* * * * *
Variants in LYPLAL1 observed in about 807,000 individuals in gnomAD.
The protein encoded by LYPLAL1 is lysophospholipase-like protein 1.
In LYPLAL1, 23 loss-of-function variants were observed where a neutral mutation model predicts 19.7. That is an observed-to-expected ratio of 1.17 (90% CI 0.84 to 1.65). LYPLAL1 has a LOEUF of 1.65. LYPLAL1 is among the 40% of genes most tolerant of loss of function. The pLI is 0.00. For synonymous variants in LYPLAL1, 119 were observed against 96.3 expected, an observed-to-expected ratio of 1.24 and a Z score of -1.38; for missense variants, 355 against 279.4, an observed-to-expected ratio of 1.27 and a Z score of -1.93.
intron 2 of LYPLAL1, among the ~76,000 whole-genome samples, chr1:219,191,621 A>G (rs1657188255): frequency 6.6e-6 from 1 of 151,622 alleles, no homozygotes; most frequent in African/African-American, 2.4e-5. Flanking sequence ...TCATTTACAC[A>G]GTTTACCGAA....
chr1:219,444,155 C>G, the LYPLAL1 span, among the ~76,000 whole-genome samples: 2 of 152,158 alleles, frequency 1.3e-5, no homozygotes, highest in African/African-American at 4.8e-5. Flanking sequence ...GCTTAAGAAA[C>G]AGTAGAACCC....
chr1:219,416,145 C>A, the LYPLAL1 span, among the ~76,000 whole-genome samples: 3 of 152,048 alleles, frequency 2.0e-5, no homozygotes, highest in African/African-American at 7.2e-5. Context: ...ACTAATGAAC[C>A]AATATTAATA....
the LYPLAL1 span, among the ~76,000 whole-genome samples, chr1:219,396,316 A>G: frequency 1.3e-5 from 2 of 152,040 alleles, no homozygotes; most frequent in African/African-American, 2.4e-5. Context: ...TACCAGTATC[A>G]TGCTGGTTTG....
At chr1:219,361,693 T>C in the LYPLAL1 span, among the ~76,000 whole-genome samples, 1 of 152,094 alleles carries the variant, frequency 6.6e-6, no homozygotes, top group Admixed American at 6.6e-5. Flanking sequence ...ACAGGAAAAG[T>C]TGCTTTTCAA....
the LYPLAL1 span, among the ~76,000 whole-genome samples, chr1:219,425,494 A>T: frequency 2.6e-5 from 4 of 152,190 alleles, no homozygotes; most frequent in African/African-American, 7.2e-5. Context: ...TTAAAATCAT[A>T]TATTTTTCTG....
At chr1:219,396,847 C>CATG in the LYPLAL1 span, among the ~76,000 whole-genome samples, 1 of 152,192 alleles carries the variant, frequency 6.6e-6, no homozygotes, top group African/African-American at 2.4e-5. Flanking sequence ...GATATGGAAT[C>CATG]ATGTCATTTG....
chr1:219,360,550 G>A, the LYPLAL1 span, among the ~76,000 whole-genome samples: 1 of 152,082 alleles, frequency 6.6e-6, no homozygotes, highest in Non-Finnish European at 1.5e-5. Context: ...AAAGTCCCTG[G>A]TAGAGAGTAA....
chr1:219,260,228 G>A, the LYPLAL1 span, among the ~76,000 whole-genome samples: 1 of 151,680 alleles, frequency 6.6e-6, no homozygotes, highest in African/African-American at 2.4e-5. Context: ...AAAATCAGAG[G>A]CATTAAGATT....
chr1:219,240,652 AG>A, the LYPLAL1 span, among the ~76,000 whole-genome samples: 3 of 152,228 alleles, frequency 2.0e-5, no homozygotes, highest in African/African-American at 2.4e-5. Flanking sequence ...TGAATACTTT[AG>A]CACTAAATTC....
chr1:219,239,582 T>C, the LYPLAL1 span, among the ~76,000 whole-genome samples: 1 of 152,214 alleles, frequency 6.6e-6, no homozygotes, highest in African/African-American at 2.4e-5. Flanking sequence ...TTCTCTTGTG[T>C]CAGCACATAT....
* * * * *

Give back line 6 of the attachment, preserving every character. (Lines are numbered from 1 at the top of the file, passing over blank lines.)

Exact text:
chr1:219,416,145 C>A, the LYPLAL1 span, among the ~76,000 whole-genome samples: 3 of 152,048 alleles, frequency 2.0e-5, no homozygotes, highest in African/African-American at 7.2e-5. Context: ...ACTAATGAAC[C>A]AATATTAATA....